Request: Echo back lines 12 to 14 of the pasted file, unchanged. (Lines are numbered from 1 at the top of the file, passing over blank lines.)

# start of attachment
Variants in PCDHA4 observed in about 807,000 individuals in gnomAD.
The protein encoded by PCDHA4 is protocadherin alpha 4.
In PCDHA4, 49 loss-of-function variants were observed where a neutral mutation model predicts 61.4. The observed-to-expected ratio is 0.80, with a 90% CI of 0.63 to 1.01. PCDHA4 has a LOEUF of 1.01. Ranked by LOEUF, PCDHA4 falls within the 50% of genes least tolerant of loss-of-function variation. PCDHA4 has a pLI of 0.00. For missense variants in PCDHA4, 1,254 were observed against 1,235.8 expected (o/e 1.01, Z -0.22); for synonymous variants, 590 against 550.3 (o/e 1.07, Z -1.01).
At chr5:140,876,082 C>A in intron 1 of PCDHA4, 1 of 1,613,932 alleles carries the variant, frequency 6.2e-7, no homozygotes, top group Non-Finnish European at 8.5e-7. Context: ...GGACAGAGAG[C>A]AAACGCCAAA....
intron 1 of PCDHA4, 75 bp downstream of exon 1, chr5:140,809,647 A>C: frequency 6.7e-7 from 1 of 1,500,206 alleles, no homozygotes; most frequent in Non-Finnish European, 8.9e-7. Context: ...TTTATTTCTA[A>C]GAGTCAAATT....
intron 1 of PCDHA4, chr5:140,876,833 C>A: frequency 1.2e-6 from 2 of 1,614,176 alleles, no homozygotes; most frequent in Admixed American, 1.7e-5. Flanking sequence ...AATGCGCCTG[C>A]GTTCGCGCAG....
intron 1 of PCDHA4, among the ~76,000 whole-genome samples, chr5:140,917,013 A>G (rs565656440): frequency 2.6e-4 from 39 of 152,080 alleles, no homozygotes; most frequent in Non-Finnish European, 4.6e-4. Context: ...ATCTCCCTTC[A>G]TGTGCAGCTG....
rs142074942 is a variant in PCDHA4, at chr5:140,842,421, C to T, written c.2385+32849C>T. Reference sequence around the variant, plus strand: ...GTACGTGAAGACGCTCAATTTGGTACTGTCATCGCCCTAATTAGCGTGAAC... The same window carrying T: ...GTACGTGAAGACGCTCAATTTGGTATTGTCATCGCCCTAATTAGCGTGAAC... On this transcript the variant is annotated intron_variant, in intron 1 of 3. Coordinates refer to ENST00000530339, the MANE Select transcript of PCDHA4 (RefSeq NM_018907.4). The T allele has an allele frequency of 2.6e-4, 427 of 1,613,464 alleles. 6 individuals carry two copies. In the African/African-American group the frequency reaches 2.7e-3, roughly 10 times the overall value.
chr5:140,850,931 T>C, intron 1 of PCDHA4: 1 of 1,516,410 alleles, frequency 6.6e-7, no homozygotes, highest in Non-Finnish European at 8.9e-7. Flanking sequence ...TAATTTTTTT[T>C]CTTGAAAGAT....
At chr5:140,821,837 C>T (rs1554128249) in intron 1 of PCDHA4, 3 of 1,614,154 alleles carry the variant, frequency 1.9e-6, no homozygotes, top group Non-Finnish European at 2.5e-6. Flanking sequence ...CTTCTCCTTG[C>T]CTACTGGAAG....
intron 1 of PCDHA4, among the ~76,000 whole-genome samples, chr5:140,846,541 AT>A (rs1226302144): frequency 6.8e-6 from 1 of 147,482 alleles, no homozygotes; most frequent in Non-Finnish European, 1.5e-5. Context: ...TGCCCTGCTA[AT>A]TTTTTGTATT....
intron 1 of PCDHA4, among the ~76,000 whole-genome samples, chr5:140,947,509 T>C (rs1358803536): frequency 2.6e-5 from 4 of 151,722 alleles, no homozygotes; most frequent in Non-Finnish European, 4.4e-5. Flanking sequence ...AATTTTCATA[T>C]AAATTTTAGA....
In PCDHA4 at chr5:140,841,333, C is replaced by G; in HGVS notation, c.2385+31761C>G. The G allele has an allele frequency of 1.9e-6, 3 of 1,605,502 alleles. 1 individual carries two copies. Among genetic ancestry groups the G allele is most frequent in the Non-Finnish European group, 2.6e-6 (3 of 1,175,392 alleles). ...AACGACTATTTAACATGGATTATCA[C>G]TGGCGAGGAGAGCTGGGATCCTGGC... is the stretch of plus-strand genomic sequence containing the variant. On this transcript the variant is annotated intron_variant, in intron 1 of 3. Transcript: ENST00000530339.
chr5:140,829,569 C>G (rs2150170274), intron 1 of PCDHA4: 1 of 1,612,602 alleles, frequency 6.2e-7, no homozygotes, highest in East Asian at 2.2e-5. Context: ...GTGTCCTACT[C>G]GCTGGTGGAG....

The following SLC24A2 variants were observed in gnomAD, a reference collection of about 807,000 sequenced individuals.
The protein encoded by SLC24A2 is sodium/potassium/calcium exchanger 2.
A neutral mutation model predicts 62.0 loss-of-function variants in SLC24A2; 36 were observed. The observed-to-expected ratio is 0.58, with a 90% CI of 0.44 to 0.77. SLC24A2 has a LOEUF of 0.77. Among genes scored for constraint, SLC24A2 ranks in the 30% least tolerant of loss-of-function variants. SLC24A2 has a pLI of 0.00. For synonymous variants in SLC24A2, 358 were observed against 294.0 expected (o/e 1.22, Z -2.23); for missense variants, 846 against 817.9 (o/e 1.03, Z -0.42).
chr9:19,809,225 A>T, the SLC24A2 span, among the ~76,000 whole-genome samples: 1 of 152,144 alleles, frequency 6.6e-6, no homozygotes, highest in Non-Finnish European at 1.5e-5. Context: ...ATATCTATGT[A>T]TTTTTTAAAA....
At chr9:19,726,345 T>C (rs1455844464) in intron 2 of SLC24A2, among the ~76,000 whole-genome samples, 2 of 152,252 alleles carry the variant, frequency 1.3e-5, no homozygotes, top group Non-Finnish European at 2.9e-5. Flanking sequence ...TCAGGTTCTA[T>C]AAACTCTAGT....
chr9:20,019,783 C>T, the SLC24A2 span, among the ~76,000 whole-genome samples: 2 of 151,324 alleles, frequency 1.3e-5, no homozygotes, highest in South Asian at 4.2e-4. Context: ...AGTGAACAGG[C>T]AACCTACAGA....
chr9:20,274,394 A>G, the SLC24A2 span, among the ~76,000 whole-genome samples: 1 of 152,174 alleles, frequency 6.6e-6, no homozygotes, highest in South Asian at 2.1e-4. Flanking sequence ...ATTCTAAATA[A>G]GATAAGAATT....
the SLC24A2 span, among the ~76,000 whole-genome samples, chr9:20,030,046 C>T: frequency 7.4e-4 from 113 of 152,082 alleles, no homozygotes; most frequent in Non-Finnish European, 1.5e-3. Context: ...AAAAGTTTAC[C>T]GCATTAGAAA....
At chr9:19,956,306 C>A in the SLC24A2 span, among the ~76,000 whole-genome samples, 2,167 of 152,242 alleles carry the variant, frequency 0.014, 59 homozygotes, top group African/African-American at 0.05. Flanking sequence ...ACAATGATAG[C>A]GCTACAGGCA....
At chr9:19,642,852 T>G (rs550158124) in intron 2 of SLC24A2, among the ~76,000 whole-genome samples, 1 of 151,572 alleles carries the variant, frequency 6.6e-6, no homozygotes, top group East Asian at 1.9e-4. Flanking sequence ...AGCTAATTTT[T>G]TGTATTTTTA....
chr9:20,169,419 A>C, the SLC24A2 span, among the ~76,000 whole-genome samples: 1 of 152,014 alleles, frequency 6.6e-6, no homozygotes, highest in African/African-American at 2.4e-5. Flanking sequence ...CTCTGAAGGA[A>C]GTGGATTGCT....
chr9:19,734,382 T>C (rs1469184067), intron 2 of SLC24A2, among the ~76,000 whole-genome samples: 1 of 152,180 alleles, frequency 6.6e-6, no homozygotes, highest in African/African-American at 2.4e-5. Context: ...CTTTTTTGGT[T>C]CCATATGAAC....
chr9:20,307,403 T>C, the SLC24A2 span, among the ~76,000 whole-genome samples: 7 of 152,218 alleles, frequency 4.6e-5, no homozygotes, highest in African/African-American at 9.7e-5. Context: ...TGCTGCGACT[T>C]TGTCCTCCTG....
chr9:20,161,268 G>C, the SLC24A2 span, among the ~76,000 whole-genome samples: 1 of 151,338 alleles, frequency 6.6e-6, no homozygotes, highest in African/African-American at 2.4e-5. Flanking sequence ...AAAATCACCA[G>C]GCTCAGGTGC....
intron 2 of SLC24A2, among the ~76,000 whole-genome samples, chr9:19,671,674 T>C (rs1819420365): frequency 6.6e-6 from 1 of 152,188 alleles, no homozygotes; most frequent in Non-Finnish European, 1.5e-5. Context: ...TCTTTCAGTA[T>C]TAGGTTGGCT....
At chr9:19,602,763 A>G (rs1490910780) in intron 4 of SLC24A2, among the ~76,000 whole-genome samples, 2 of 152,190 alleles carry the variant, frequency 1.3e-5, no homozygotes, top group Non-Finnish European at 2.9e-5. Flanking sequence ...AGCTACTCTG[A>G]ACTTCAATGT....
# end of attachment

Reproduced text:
intron 1 of PCDHA4, among the ~76,000 whole-genome samples, chr5:140,947,509 T>C (rs1358803536): frequency 2.6e-5 from 4 of 151,722 alleles, no homozygotes; most frequent in Non-Finnish European, 4.4e-5. Flanking sequence ...AATTTTCATA[T>C]AAATTTTAGA....
In PCDHA4 at chr5:140,841,333, C is replaced by G; in HGVS notation, c.2385+31761C>G. The G allele has an allele frequency of 1.9e-6, 3 of 1,605,502 alleles. 1 individual carries two copies. Among genetic ancestry groups the G allele is most frequent in the Non-Finnish European group, 2.6e-6 (3 of 1,175,392 alleles). ...AACGACTATTTAACATGGATTATCA[C>G]TGGCGAGGAGAGCTGGGATCCTGGC... is the stretch of plus-strand genomic sequence containing the variant. On this transcript the variant is annotated intron_variant, in intron 1 of 3. Transcript: ENST00000530339.
chr5:140,829,569 C>G (rs2150170274), intron 1 of PCDHA4: 1 of 1,612,602 alleles, frequency 6.2e-7, no homozygotes, highest in East Asian at 2.2e-5. Context: ...GTGTCCTACT[C>G]GCTGGTGGAG....